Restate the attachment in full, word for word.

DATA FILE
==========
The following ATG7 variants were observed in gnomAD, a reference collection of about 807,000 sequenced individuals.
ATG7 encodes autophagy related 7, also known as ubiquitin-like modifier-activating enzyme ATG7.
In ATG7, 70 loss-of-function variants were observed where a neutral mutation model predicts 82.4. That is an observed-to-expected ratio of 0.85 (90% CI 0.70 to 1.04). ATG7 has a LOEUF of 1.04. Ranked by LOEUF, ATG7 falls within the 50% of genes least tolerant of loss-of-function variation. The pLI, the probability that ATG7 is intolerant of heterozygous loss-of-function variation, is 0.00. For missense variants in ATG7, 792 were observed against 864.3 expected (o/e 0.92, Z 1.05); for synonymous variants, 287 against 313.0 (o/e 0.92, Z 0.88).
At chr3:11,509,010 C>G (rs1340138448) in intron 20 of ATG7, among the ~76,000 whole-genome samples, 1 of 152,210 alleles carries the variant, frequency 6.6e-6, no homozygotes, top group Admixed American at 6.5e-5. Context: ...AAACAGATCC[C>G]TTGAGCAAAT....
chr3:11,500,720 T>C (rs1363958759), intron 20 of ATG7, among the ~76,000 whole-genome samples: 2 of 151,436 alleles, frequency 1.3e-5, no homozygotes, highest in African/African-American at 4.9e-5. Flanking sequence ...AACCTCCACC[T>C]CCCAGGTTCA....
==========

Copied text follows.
The following ATG7 variants were observed in gnomAD, a reference collection of about 807,000 sequenced individuals.
ATG7 encodes autophagy related 7, also known as ubiquitin-like modifier-activating enzyme ATG7.
In ATG7, 70 loss-of-function variants were observed where a neutral mutation model predicts 82.4. That is an observed-to-expected ratio of 0.85 (90% CI 0.70 to 1.04). ATG7 has a LOEUF of 1.04. Ranked by LOEUF, ATG7 falls within the 50% of genes least tolerant of loss-of-function variation. The pLI, the probability that ATG7 is intolerant of heterozygous loss-of-function variation, is 0.00. For missense variants in ATG7, 792 were observed against 864.3 expected (o/e 0.92, Z 1.05); for synonymous variants, 287 against 313.0 (o/e 0.92, Z 0.88).
At chr3:11,509,010 C>G (rs1340138448) in intron 20 of ATG7, among the ~76,000 whole-genome samples, 1 of 152,210 alleles carries the variant, frequency 6.6e-6, no homozygotes, top group Admixed American at 6.5e-5. Context: ...AAACAGATCC[C>G]TTGAGCAAAT....
chr3:11,500,720 T>C (rs1363958759), intron 20 of ATG7, among the ~76,000 whole-genome samples: 2 of 151,436 alleles, frequency 1.3e-5, no homozygotes, highest in African/African-American at 4.9e-5. Flanking sequence ...AACCTCCACC[T>C]CCCAGGTTCA....